Turtles emerge from their evolutionary shell
Genetic data show turtles and lizards had a close common ancestor.
Genetic analysis of the painted turtle (Chrysemys picta bellii) shows that it's a lot more like a lizard than we thought.Darrell Gulin/CORBIS
Palaeontologists have long used morphological data, obtained by looking closely at the physical characteristics of fossils and living relatives, to show the evolutionary relationship between different species. In recent decades, however, genetic comparisons have become important.
But molecules and fossils don't always agree, and this has created a lot of confusion for the turtle. A study published today in Biology Letters could put the beleaguered reptile in its rightful place using genetic analysis1.
Odd one outTurtles have proved particularly problematic to categorize because they look so different from other reptiles, most of which belong to the Diapsida clade. Diapsids' skulls all have two holes, called temporal fenestrae, which carry muscles that attach to the jaws.
According to the fossil record, turtles first appeared in the Triassic period around 230 million years ago, and have changed little since. Crucially, turtles lack temporal fenestrae, suggesting that they are the living relatives of a more primitive reptilian form that pre-dates the diapsids. Consequently, they were set aside in their own clade, somewhere between amphibians and the rest of the reptiles.
However, there are two other possibilities that would bring turtles into the diapsid fold. One is that turtles are more closely related to birds and crocodiles than to lizards. Most of the genetic studies undertaken so far support this.
The other possibility is that turtles are much more closely related to lizards and snakes, with this group sharing a more recent common ancestor than the rest of the diapsid clade.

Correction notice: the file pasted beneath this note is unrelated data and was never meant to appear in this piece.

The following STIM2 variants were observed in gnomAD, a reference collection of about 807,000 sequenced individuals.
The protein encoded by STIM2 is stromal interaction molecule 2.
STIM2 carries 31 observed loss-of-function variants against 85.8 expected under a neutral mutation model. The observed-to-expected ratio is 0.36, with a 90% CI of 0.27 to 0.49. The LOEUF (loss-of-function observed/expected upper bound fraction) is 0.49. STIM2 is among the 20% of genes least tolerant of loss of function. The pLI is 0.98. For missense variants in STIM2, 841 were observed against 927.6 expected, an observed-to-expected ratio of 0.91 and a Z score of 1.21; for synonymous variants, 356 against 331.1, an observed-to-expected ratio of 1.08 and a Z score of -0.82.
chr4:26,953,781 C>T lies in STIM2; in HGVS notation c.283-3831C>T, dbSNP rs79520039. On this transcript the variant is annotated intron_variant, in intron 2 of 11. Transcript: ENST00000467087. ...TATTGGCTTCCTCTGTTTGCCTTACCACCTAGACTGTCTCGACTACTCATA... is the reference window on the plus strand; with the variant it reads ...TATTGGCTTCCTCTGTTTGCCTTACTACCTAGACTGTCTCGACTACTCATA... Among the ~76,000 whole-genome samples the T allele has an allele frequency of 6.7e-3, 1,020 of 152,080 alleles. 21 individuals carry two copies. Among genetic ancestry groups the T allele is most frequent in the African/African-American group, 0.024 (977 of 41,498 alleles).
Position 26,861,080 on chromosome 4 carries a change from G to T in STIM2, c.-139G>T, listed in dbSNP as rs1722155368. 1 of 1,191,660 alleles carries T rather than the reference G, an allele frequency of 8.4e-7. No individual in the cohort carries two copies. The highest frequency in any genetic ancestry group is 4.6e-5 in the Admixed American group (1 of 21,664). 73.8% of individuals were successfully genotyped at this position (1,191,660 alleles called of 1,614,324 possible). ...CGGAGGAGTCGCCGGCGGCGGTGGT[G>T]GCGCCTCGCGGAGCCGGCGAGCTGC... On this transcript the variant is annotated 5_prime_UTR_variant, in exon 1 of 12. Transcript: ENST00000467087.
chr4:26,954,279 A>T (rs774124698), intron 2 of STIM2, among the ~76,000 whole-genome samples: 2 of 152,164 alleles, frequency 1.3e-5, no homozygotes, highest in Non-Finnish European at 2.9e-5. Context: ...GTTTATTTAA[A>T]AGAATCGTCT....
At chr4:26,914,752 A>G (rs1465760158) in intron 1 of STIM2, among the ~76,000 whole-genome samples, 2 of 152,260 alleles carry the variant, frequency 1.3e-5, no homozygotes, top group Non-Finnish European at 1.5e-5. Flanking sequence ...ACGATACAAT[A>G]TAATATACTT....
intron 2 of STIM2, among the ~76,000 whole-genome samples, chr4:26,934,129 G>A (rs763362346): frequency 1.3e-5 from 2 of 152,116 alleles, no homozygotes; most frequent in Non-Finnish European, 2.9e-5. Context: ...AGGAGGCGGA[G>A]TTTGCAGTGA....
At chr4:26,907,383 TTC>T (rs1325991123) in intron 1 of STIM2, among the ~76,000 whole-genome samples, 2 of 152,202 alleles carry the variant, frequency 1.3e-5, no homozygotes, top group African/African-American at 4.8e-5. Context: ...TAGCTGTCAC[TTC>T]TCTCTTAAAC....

Disappearing actGenetic analysis of a turtle, a lizard and an alligator1 now supports the latter hypothesis. This implies that the ancestors of turtles did once have temporal fenestrae in their skulls, but that these have disappeared as turtles evolved.
"What we've been able to provide is unambiguous evidence for one hypothesis over the others," says molecular palaeobiologist Kevin Peterson of Dartmouth College in Hanover, New Hampshire, a coauthor on the new study.
The work differs from previous efforts because it used microRNAs, short regulatory genetic molecules found in cells. They are particularly useful for solving phylogenetic puzzles because, although additional microRNAs can develop over millions of years of evolution, once established in a clade they are rarely lost.
MicroRNAs have been used to determine other similarly deep phylogenetic relationships, and most scientists agree that they are reliable tools. What makes the conclusion of this study particularly convincing is the fact that it agrees with an existing hypothesis that is also supported by morphological data.
"Over the years, as we've been trying to reconstruct the tree of life, there's been a sort of to and fro between anatomy and fossils on the one hand, and molecules on the other," says Mike Benton, a palaeontologist at the University of Bristol, UK, who was not involved in the study. For turtles, he says, this is "the first time we have anatomy and molecules seeming to agree."
- Lyson, T. R. et al. Biol. Lett. http://dx.doi.org/10.1098/rsbl.2011.0477 (2011).
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